“Oh, it matters,” Iris muttered.
Honoria jabbed her cousin lightly with her violin bow. “Family and tradition,” she reminded her. “That is what matters.” Family and tradition. Anne wouldn’t have minded some of those. Although, realy, it hadn’t gone so well for her the first time around.
“Can you see anything?” Daisy asked. She was hopping from foot to foot like a frenetic magpie, and Anne had already backed up twice, just to preserve her toes.
Honoria, who was closer to the spot from which they would make their entrance, nodded. “There are a few empty seats, but not many.” Iris groaned.
“Is it like this every year?” Anne could not quite refrain from asking.
“Like what?” Honoria replied.
“Wel, er . . .” There were some things one simply did not say to the nieces of one’s employer. One did not, for example, make any sort of explicit comment about the lack of another young lady’s musical skils. Or wonder aloud if the concerts were always this dreadful or if this year was particularly bad. And one definitely did not ask, If the concerts are always so horrific, why do people keep coming?
Just then fifteen-year-old Harriet Pleinsworth came skidding in through a side door. “Miss Wynter!” Anne turned, but before she could say anything, Harriet announced, “I am here to turn your pages.”
“Thank you, Harriet. That will be most helpful.”
Harriet grinned at Daisy, who gave her a disdainful stare.
Anne turned away so no one would see her roll her eyes. Those two had never gotten along. Daisy took herself too seriously, and Harriet took nothing seriously.
“It’s time!” Honoria announced.
Onto the stage they went, and after a brief introduction, they began to play.
Anne, on the other hand, began to pray.
Dear God, she had never worked so hard in her life. Her fingers raced across the keys, trying desperately to keep up with Daisy, who played the violin as if in a footrace.
This is ridiculous ridiculous ridiculous, Anne singsonged in her mind. It was the strangest thing, but the only way to get through it was to keep talking to herself.
It was an impossibly difficult piece of music, even for accomplished players.
Ridiculous ridiculous— Ack! C-sharp! Anne flung out her right pinkie finger and hit the key just in time. Which was to say, two seconds later than it should have been.
She stole a quick glance at the audience. A woman in the front row looked il.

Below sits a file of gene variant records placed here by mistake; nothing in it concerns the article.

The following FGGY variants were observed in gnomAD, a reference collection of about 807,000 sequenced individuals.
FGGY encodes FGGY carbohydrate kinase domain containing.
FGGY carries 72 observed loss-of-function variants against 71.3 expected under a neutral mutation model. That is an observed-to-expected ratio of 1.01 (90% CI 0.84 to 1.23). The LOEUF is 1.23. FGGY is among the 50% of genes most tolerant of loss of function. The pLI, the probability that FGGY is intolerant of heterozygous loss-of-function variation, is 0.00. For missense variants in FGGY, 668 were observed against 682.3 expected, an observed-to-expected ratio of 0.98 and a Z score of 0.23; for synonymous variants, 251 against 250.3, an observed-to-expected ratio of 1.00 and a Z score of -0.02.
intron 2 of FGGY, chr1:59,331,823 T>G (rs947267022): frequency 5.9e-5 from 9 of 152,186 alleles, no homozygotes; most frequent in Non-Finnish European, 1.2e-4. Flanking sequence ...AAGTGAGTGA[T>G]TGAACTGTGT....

Back to work back to work. Oh dear, wrong note. Never mind. No one would notice, not even Daisy.
And on she played, half wondering if she should just make up her part. It couldn’t possibly make the music any worse. Daisy was flying through her section, her volume modulating between loud and extremely loud; Honoria was plodding on, each note like a determined footfal; and Iris—
Wel, Iris was actualy good. Not that it mattered.
Anne took a breath, stretching her fingers during a brief pause in the piano part. Then it was back to the keys and—
Turn the page, Harriet.
Turn the page, Harriet.
“Turn the page, Harriet!” she hissed.
Harriet turned the page.
Anne struck the first chord, then realized that Iris and Honoria were already two bars ahead. Daisy was—wel, good gracious, she had no idea where Daisy was.
Anne skipped ahead to where she hoped the rest of them were. If nothing else, she’d be somewhere in the middle.
“You missed some of it,” Harriet whispered.
And realy, it didn’t.
And then finaly, oh finally, they reached a section where Anne didn’t have to play for three entire pages. She sat back, let out the breath she’d been holding for, oh, it felt like ten minutes, and . . .
She froze. Someone was watching them from the back room. The door through which they had entered the stage—the one which Anne was certain she’d shut with a click—was now ever so slightly ajar. And because she was the closest to the door, not to mention the only musician who didn’t have her back to it, she could see a sliver of a man’s face peering through.
It burst through her, compressing her lungs, firing her skin. She knew this feeling. It didn’t come often, thank God, but often enough. Every time she saw someone where someone shouldn’t be . . .
She made herself breathe. She was in the home of the dowager Countess of Winstead. She was as safe as safe could be. What she needed to do was—
“Miss Wynter!” hissed Harriet.
Anne jumped to attention.
“You missed your entrance.”
“Where are we now?” Anne asked franticaly.
“I don’t know. I can’t read music.”
Despite herself, Anne looked up. “But you play the violin.”
“I know,” Harriet said miserably.
Anne scanned the notes on the page as fast as she could, her eyes jumping quickly from bar to bar.
“Daisy’s glaring at us,” Harriet whispered.
“Shhh.” Anne needed to concentrate. She flipped the page, took her best guess, and brought her fingers down into G minor.
And then slid over to major. That was better.
Better being a most relative term.
For the rest of the performance she kept her head down. She didn’t look up, not at the audience, not at the man watching her from the back room. She banged through the notes with as much finesse as the rest of the Smythe-Smiths, and when they were done, she stood and curtsied with her head still bowed, murmured something to Harriet about needing to tend to herself, and fled.
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